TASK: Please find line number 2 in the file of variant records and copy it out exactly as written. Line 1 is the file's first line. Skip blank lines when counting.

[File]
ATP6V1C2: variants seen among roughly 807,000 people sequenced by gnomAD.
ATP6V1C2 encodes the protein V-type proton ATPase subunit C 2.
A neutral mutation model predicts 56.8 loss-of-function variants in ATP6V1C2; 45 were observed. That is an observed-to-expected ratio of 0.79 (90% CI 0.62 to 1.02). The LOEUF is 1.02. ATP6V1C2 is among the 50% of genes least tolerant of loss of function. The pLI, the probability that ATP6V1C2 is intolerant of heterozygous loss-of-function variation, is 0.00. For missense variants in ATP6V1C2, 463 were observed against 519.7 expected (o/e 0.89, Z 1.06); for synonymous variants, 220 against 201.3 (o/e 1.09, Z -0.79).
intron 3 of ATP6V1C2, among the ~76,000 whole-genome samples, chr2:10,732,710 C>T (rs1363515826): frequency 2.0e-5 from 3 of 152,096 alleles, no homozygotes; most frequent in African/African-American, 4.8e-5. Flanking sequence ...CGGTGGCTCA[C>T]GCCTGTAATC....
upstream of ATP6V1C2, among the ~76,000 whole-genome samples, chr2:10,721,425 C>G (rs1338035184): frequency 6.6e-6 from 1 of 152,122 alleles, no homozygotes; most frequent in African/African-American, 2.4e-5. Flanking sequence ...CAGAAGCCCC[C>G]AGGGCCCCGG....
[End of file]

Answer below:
ATP6V1C2 encodes the protein V-type proton ATPase subunit C 2.